Sri Lanka: Hung Out To Dry


December 11,2008: The army is now advancing from three directions. Up from the south, along the east coast and.  Down along the Jaffna Peninsula. And up from the south, in the center of the island, along the A9 highway, towards the rebel headquarters of  Kilinochchi. In the last week, troops advancing up the A9 have captured two towns; Puliyankulam and Kanakarayankulam and much of the highway. The LTTE is putting a more effective resistance in front of their headquarters town of Kilinochchi, and casualties on both side are rising as the fighting intensifies. Troops of the 57th and 58th divisions are losing several dozen dead and wounded on some days. The army has air power, and much more artillery (guns and rocket launchers), so the LTTE defenders are often suffering equal, if not more, casualties. The loss of Kilinochchi will be a major blow to LTTE morale, and result in a lot more surrenders by dispirited rebels. Enemy morale is already low, in the wake of the Islamic terrorist attacks in Mumbai, India. This shattered what little support the LTTE had left in India. That left LTTE supporters in Sri Lanka and south India feeling isolated and hung out to dry. As much as the Sri Lankan generals want to crush the LTTE once and for all, they don't want a bloodbath, especially among their own troops. So the advance is methodical, with everyone alert to LTTE attempts to launch one of those commando type offensives that have done so much damage to the army in the past. But back then, the army was less well trained and led, and the LTTE had a much higher proportion of experienced fighters in the ranks.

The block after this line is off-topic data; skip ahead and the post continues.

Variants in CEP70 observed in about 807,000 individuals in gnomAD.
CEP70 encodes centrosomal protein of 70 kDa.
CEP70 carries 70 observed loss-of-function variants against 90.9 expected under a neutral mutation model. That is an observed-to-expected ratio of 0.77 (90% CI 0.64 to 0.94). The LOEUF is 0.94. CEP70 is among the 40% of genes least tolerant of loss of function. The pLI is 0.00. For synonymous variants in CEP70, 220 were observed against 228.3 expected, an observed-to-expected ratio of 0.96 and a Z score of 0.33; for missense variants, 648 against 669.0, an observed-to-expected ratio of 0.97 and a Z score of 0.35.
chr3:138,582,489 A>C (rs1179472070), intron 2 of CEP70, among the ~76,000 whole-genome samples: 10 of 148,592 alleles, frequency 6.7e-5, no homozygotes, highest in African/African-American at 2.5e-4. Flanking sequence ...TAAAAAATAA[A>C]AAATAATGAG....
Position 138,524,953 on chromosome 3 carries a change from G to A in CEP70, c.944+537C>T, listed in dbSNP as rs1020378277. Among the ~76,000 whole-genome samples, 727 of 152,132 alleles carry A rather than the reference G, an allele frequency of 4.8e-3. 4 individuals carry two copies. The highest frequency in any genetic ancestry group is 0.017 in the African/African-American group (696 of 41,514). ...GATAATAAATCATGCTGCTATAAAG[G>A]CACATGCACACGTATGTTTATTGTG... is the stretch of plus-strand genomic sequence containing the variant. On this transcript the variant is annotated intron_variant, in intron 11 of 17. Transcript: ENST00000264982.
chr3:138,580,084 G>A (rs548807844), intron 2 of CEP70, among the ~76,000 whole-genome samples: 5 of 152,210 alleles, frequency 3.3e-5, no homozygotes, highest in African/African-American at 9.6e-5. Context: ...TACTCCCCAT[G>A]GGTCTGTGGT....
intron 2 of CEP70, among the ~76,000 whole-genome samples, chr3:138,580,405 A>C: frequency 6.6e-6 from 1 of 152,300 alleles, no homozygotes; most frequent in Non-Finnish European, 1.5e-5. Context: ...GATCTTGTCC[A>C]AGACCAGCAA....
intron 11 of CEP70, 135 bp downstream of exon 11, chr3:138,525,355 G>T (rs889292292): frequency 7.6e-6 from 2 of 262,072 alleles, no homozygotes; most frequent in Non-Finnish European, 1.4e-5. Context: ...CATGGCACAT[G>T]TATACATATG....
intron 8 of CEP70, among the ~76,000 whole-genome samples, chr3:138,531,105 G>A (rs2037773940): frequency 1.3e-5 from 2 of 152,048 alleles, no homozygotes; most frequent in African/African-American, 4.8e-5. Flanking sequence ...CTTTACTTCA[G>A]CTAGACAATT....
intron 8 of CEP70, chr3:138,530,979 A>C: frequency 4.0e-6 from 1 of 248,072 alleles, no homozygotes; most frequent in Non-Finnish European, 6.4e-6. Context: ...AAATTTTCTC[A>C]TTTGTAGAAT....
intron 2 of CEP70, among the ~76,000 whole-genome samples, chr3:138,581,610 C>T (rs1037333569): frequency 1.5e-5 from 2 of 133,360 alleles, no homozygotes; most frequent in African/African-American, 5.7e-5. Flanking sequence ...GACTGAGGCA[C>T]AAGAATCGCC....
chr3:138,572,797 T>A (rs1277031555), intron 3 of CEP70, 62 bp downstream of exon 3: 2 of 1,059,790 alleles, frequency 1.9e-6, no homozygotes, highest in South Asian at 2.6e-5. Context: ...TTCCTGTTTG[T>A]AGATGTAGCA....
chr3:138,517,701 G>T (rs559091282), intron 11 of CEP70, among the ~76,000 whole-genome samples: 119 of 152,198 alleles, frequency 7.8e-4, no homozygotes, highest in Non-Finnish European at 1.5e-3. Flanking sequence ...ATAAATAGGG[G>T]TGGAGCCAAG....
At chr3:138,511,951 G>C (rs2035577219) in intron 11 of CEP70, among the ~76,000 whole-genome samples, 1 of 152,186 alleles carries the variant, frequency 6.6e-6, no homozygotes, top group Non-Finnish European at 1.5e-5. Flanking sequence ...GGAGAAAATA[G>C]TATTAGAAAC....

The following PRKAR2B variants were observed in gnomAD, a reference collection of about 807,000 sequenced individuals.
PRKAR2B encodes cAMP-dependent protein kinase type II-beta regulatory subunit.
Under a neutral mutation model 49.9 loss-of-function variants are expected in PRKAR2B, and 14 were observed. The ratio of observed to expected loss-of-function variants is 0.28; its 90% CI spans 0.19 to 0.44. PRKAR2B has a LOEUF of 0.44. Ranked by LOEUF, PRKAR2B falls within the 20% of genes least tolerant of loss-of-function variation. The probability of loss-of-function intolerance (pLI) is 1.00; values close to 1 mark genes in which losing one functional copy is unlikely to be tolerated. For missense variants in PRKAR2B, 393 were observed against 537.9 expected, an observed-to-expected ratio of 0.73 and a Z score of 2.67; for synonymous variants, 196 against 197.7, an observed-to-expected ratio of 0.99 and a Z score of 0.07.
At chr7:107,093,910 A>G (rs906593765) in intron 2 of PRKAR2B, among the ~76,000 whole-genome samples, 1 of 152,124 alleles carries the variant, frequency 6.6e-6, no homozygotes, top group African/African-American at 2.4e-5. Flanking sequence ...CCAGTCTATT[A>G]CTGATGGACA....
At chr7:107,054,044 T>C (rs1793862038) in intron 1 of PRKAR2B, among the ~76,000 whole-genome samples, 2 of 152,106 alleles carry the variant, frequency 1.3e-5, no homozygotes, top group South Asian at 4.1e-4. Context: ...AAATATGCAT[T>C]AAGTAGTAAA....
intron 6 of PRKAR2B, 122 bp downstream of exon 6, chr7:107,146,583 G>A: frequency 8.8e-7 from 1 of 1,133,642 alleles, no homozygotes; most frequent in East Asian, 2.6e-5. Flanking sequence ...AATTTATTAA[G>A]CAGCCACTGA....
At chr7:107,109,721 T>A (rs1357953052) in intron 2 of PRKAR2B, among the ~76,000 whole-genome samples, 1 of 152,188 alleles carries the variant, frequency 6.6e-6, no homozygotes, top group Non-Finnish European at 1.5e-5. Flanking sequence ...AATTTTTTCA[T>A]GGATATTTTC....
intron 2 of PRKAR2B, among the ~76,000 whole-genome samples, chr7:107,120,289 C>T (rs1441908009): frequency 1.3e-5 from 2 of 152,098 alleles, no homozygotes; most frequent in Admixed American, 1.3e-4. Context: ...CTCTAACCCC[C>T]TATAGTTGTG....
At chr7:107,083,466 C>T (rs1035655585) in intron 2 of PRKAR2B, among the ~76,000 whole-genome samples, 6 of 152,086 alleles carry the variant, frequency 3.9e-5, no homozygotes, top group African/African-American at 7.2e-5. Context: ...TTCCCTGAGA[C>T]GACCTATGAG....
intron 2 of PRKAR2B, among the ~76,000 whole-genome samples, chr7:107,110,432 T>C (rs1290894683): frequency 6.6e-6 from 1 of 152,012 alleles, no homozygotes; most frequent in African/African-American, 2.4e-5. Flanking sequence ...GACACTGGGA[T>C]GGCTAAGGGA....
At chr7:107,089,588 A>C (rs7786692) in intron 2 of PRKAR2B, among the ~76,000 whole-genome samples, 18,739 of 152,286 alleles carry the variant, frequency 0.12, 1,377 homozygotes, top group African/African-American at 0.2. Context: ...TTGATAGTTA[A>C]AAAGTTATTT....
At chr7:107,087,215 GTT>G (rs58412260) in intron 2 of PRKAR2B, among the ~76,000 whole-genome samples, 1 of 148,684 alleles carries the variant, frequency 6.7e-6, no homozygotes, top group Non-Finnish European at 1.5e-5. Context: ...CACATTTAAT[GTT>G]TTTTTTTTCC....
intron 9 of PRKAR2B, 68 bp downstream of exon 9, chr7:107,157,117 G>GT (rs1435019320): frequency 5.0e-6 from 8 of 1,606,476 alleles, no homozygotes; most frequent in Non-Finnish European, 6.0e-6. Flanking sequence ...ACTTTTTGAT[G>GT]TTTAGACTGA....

December 7, 2008: In the north, three experienced LTTE fighters, each with nearly a decade of experience, surrendered. There have been more surrenders from less experienced LTTE fighters, but it's unusual to get so many senior men giving up.

December 5, 2008: Advancing up the east coast, troops captured the village of Alampil, and about a hundred small boats used by LTTE forces to move along the coast.


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